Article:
KIT contributes to the research program "Changing Earth - Sustaining our Future" in the Helmholtz Research Field Earth and Environment.

The atmosphere is the Earth's thin protective layer that shields us from harmful radiation, moderates temperature differences, and redistributes thermal energy, water, and pollutants: Almost all life depends on it. This protective function is maintained by delicate balances and is vulnerable to global changes in climate and land use. The main drivers of climate change are the radiative effects of greenhouse gases and aerosols, which affect the composition and impact of the atmosphere on all aspects of societal activities.

We are developing seamless observational and modeling techniques to unravel the complex interactions of climate change between the atmosphere, land surface, and ocean. As focal areas, we are investigating changes in air quality - globally and in urban areas - the internal causes and effects of climate change through feedbacks, and what kinds of weather and extremes we will need to prepare for in the future. Advances in these areas are paramount for reliably assessing the state of the Earth system and for predicting and projecting global changes on our future living conditions.


Our research follows a holistic approach: we develop cross-scale observational and modeling solutions for improved atmospheric forecasts and regional climate projections with unprecedented resolution. We strive to observe, understand, and predict atmospheric phenomena and process chains from their origin to climate change impacts in the atmosphere, particularly in their interactions and feedbacks with the land surface, biosphere, cryosphere, oceans, and near-Earth space. Through our work, we can assess the physical, chemical, and socio-ecological consequences of atmospheric change and its impact on climate, extreme weather, and land ecosystem functioning.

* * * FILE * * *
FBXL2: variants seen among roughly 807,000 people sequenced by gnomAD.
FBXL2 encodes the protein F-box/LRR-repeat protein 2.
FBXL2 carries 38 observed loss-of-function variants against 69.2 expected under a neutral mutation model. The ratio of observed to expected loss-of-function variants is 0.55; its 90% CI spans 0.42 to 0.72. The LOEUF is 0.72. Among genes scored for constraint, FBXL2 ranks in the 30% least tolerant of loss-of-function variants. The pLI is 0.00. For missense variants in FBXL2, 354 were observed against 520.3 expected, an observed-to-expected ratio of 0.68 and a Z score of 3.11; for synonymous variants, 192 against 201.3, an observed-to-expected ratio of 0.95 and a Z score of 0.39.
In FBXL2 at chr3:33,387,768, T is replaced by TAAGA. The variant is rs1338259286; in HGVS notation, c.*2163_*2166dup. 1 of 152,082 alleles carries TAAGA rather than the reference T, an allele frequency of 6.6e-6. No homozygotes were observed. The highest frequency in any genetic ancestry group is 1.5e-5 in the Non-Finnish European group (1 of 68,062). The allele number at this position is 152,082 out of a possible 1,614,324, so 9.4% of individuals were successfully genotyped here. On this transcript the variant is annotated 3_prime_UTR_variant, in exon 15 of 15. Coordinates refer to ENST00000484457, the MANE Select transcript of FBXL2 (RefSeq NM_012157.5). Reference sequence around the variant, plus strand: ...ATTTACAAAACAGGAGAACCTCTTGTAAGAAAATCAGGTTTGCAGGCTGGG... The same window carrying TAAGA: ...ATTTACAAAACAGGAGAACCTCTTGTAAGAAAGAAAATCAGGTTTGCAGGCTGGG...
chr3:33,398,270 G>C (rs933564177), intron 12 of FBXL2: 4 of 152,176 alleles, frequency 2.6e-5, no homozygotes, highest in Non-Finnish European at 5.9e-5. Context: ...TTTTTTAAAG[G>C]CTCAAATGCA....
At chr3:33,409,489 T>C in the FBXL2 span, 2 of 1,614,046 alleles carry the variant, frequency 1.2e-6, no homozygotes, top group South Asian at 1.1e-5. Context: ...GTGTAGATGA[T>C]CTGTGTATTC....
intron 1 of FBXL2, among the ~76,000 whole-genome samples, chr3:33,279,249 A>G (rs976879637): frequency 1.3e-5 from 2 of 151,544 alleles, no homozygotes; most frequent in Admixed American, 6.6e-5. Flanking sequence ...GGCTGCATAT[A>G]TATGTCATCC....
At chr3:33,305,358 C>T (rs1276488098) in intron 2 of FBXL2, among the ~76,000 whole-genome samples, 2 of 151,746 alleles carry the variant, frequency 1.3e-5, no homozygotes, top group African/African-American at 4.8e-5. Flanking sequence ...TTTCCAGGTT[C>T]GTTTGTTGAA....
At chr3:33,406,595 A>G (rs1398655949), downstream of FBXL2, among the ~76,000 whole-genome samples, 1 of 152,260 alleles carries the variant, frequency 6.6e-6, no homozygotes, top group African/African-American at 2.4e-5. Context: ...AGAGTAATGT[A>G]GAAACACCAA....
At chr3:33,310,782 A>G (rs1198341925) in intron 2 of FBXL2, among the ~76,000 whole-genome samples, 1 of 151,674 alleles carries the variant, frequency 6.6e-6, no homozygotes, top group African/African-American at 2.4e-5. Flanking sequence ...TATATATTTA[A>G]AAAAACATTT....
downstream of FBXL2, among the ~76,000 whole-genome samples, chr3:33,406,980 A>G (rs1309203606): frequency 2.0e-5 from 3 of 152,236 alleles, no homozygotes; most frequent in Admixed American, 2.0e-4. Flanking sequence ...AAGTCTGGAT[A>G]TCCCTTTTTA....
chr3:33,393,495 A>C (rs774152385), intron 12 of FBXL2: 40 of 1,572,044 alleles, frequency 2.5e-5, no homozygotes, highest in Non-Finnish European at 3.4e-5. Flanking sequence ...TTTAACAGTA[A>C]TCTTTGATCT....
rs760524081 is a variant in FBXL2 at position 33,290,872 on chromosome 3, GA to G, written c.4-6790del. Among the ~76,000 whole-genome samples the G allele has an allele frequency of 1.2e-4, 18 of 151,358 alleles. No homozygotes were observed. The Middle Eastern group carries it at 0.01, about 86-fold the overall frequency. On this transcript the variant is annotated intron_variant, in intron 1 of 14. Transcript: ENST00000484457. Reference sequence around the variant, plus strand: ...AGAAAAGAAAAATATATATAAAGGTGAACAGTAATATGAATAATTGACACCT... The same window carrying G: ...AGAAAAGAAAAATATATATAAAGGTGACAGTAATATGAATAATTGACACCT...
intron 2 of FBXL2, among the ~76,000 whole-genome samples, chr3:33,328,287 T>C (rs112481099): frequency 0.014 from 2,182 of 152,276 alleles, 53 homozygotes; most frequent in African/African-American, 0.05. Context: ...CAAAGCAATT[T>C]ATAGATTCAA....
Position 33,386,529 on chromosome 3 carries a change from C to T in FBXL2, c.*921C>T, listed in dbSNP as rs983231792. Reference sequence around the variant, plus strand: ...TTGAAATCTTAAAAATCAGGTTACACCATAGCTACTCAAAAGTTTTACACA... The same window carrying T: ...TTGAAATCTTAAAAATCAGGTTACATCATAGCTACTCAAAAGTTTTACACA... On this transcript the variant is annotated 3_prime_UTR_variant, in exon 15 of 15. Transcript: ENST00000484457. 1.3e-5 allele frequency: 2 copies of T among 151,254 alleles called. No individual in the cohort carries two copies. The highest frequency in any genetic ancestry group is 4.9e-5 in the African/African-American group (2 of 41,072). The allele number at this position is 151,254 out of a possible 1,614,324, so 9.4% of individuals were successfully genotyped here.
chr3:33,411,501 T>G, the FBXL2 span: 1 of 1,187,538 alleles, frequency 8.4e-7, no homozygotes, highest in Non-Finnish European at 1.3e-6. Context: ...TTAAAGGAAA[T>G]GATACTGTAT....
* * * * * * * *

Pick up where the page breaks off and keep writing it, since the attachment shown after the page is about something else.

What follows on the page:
In doing so, we increase knowledge to address societal challenges such as global warming, growing world population, land use change, air quality, water availability, and energy and mobility change. Our atmospheric and climate observation and modeling activities provide the scientific basis of sustainable development strategies for the benefit of society, ecosystems, and climate mitigation and adaptation combined with economic risk reduction.


to event calendar
1265Hauser, KIT
Extreme weather events over small catchment areas

Interview with Prof. Dr. Harald Kunstmann on intense precipitation events over small catchment areas. The connection between the position of the precipitation cell, its influence on the runoff calculation and advanced  flood water forecasting. Interview from minute 06:23. Forwarding to ARD media library.

1265Zachmann, KIT
Increase in Vb-weather conditions

Climate change, the increase of Vb-low pressure areas, longer-lasting weather conditions, increase of extreme weather events, higher humidity due to warmer temperatures and the current flood event. Interview with Prof. Dr. Harald Kunstmann from minute 23:26. Forwarding to ARD media library.

1261Andreas Wieser
KITcube receives new Lidar systems for water vapor profiles

Five new DIAL profilers extend the KITcube measuring system with continuous measurements of water vapor profiles in the boundary layer

1258NASA Worldview
Windstorm losses in Europe – What to gain from damage datasets

A combination of different datasets is crucial to obtain a representative picture of windstorm associated impacts.

1256Susanna Mohr
Hail Conference at KIT: Researchers from all over the world meet

A combination of different datasets is crucial to obtain a representative picture of windstorm associated impacts.

1254Guy Pe'er
Biodiversity, land use and climate change

Prof. Dr. Almut Arneth investigates the influence of land use and climate change on terrestrial habitats and the associated biodiversity. Forwarding to